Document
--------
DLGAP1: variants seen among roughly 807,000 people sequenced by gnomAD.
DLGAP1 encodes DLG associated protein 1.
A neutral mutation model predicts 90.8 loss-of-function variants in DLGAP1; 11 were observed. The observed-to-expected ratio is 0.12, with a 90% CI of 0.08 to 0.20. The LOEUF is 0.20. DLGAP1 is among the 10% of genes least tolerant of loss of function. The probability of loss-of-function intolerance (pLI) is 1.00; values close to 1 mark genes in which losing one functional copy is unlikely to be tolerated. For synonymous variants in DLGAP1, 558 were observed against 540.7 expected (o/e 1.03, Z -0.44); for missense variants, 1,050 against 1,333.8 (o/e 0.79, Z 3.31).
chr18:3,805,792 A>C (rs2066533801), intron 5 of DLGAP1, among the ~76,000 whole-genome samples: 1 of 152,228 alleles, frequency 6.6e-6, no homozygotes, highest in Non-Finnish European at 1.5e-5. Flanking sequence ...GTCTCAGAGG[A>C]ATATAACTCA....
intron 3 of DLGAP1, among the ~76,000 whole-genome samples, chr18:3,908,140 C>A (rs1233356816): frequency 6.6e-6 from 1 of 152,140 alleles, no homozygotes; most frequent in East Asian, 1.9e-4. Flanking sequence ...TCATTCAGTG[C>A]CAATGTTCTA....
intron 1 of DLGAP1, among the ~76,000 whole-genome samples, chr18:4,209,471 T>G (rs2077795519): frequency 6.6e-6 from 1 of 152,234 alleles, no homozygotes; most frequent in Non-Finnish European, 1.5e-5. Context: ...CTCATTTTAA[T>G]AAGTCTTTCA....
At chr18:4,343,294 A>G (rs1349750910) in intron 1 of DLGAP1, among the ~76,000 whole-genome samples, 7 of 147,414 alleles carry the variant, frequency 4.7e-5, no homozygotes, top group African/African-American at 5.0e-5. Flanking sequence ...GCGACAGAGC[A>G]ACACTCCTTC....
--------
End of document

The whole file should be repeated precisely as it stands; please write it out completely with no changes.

DLGAP1: variants seen among roughly 807,000 people sequenced by gnomAD.
DLGAP1 encodes DLG associated protein 1.
A neutral mutation model predicts 90.8 loss-of-function variants in DLGAP1; 11 were observed. The observed-to-expected ratio is 0.12, with a 90% CI of 0.08 to 0.20. The LOEUF is 0.20. DLGAP1 is among the 10% of genes least tolerant of loss of function. The probability of loss-of-function intolerance (pLI) is 1.00; values close to 1 mark genes in which losing one functional copy is unlikely to be tolerated. For synonymous variants in DLGAP1, 558 were observed against 540.7 expected (o/e 1.03, Z -0.44); for missense variants, 1,050 against 1,333.8 (o/e 0.79, Z 3.31).
chr18:3,805,792 A>C (rs2066533801), intron 5 of DLGAP1, among the ~76,000 whole-genome samples: 1 of 152,228 alleles, frequency 6.6e-6, no homozygotes, highest in Non-Finnish European at 1.5e-5. Flanking sequence ...GTCTCAGAGG[A>C]ATATAACTCA....
intron 3 of DLGAP1, among the ~76,000 whole-genome samples, chr18:3,908,140 C>A (rs1233356816): frequency 6.6e-6 from 1 of 152,140 alleles, no homozygotes; most frequent in East Asian, 1.9e-4. Flanking sequence ...TCATTCAGTG[C>A]CAATGTTCTA....
intron 1 of DLGAP1, among the ~76,000 whole-genome samples, chr18:4,209,471 T>G (rs2077795519): frequency 6.6e-6 from 1 of 152,234 alleles, no homozygotes; most frequent in Non-Finnish European, 1.5e-5. Context: ...CTCATTTTAA[T>G]AAGTCTTTCA....
At chr18:4,343,294 A>G (rs1349750910) in intron 1 of DLGAP1, among the ~76,000 whole-genome samples, 7 of 147,414 alleles carry the variant, frequency 4.7e-5, no homozygotes, top group African/African-American at 5.0e-5. Flanking sequence ...GCGACAGAGC[A>G]ACACTCCTTC....